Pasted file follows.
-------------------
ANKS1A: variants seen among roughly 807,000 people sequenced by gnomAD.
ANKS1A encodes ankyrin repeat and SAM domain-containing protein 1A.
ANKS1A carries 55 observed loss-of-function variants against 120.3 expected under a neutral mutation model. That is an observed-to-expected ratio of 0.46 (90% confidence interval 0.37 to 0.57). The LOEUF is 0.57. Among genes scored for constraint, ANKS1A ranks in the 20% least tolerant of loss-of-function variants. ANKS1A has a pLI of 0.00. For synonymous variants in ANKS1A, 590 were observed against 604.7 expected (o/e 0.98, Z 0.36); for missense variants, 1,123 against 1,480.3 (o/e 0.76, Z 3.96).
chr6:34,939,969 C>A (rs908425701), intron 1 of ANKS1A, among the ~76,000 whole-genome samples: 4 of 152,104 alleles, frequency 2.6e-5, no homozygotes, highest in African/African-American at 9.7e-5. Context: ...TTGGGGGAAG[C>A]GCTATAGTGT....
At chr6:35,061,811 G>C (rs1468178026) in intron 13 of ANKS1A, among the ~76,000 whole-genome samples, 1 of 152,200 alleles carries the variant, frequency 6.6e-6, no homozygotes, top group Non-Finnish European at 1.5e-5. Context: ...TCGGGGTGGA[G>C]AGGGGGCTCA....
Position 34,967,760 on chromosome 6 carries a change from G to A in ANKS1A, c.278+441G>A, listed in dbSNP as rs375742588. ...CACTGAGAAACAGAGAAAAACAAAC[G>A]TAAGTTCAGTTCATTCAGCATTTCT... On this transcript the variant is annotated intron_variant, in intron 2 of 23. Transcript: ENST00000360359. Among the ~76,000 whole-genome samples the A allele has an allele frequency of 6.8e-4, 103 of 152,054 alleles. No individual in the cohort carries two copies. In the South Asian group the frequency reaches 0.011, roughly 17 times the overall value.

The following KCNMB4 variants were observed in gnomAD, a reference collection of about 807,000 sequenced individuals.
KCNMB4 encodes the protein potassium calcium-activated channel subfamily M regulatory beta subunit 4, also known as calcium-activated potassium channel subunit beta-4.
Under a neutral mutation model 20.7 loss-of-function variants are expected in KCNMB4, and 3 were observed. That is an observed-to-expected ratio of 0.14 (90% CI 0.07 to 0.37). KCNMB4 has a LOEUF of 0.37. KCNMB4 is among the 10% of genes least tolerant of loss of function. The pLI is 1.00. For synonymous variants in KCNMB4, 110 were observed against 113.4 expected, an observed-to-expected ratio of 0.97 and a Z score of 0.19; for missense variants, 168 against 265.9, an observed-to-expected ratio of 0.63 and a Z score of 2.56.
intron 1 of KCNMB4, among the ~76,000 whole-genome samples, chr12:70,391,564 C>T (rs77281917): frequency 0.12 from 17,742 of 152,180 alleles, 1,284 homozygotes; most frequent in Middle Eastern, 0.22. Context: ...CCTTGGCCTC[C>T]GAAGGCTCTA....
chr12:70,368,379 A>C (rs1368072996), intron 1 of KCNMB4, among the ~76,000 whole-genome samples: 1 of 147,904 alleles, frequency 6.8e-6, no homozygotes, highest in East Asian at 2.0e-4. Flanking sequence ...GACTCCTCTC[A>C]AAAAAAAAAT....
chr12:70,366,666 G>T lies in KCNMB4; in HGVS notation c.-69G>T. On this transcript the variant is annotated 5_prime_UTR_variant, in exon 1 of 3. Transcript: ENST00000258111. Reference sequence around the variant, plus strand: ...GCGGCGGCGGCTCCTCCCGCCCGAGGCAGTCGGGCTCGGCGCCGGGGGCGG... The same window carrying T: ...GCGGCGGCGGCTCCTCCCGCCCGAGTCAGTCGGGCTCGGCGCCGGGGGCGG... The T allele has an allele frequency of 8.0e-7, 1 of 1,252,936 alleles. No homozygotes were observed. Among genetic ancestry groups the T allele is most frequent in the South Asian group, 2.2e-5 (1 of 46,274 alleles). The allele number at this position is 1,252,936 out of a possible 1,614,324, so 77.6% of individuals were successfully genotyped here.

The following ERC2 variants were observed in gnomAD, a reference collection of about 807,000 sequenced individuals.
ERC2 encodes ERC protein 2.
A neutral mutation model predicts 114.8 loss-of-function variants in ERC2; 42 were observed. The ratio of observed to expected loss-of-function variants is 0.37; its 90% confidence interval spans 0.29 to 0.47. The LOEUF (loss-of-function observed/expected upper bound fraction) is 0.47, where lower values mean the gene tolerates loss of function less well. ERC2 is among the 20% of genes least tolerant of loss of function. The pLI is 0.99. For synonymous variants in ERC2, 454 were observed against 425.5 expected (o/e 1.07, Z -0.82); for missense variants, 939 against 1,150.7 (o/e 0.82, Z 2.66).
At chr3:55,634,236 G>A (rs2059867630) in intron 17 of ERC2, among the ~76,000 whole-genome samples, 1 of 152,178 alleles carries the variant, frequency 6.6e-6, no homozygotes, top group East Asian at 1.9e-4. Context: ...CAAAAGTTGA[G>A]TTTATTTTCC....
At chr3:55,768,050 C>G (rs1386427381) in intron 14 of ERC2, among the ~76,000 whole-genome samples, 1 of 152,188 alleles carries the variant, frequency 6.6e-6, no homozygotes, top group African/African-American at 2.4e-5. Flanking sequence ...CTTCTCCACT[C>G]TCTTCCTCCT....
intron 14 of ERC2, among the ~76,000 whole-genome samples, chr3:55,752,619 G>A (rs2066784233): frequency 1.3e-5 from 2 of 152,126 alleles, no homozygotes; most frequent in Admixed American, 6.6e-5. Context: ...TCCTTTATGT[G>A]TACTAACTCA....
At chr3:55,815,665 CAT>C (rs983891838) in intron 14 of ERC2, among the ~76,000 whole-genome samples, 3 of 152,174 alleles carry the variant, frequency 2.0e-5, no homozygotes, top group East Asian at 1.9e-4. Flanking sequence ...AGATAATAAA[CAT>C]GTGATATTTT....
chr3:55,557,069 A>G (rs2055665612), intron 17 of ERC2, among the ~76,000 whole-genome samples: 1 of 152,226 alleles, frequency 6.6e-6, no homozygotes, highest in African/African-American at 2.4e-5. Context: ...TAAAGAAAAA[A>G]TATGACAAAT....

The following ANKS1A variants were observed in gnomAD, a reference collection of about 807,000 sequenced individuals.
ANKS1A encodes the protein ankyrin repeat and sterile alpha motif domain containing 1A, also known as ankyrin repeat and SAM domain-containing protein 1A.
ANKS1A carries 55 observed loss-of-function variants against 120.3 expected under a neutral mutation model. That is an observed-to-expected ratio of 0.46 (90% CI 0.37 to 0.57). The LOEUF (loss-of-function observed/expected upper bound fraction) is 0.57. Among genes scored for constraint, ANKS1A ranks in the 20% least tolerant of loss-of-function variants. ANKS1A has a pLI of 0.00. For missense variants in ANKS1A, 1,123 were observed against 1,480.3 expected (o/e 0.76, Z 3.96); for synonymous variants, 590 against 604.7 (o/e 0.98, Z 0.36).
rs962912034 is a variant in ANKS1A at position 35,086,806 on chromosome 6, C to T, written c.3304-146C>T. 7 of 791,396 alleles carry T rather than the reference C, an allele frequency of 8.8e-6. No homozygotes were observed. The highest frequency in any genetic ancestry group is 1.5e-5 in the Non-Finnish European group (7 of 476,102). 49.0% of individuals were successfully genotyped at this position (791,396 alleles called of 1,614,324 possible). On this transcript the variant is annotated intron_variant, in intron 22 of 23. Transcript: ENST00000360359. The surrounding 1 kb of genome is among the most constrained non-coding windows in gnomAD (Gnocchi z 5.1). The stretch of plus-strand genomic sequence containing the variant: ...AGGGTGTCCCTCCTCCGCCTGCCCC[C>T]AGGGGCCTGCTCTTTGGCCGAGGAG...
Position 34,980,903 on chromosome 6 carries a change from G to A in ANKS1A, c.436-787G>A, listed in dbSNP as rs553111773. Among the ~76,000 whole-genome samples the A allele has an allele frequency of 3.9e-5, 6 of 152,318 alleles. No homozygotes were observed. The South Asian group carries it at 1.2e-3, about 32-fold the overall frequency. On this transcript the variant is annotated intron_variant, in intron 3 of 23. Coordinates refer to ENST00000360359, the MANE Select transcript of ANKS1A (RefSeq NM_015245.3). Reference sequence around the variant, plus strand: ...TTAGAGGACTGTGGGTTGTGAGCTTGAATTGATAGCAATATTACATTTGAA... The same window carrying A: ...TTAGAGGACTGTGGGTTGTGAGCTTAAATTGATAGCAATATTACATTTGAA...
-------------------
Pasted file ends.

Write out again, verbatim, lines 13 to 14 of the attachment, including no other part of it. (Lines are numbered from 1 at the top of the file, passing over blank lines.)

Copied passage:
The following ERC2 variants were observed in gnomAD, a reference collection of about 807,000 sequenced individuals.
ERC2 encodes ERC protein 2.